I have always found it bizarre that lipstick is supposed to make a woman’s lips more irresistible, yet kissing a woman with lipstick gets sticky red or pink smudge all over both faces. So women dress up and look all gorgeous and then their dates can’t kiss them. Or, it’s the end of the night and a woman wants her date to kiss her, does she put on lipstick or go for the chapstick? Gah, being a woman is hard. And I supposed it can’t be that easy being the person who wants to kiss her in that situation either.
It’s odd to me that this kiss-ability paradox is never addressed in lipstick advertising. So I was intrigued to see it in this vintage ad:
Now water cannot mar your lipstick… it’s protected by a coat of clear Lip-Stae. Just brush on its liquid lustre… lips stay brillint, alluring for hours. And clothes, cigarettes, glasses and the man in your life can’t carry lipstick’s tell-tale marks! Safe, economical, and easy to use. At cosmetic counters everywhere. (my emphasis)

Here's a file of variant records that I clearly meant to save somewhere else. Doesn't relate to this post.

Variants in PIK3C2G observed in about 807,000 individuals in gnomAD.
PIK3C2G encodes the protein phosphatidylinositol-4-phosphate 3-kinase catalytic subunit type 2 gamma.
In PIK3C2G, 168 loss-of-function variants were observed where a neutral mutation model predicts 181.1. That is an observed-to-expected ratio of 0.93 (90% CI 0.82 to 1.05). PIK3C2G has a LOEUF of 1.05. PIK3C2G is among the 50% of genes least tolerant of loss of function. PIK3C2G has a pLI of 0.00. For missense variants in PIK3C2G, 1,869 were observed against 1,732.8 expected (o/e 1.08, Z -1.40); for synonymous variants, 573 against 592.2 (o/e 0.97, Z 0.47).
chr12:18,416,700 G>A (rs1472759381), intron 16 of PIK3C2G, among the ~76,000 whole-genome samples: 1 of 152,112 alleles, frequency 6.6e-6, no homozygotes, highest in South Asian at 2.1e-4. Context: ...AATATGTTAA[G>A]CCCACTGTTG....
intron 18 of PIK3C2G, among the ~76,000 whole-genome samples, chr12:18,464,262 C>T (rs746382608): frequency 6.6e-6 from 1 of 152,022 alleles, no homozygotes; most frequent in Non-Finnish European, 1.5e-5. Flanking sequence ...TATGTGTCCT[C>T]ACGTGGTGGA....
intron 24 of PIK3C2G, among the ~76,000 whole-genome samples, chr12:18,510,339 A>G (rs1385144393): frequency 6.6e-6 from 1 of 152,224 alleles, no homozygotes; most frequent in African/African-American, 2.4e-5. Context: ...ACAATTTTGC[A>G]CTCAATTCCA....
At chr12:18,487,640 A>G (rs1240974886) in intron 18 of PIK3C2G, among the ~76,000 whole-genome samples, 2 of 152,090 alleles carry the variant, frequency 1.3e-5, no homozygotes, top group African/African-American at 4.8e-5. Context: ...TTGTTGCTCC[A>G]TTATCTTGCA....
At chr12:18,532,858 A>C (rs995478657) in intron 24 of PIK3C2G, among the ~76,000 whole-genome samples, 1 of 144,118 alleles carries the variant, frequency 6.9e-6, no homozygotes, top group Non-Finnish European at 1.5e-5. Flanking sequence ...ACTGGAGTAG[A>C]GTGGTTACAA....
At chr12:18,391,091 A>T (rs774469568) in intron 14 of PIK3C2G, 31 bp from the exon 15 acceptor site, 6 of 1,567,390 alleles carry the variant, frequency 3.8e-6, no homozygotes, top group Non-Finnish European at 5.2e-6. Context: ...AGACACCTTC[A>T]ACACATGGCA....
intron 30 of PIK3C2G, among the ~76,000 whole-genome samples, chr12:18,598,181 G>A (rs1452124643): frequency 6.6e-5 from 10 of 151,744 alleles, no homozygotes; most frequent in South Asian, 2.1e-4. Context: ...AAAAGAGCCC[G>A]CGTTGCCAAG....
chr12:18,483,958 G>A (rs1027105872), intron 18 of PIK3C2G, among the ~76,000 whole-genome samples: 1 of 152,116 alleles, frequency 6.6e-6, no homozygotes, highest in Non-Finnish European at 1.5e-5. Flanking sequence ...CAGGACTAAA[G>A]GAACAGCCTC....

There is so much to unpack here, but I think it all revolves around the fact that women are supposed to wear makeup, but pretend that the face that they put on is their real face. As the copy reads, lipstick leaves “tell-tale marks.” Those marks reveal a degree of deception regarding her true attractiveness and, in fact, this is exactly how makeup was characterized in the Victorian era. This is why a woman’s lipstick must remain on her lips (and be left nowhere else) even when swimming or kissing. Because, in principle, she’s not wearing lipstick at all.
This post originally appeared in 2009.Lisa Wade is a professor of sociology at Occidental College and the co-author of Gender: Ideas, Interactions, Institutions. You can follow her on Twitter and Facebook.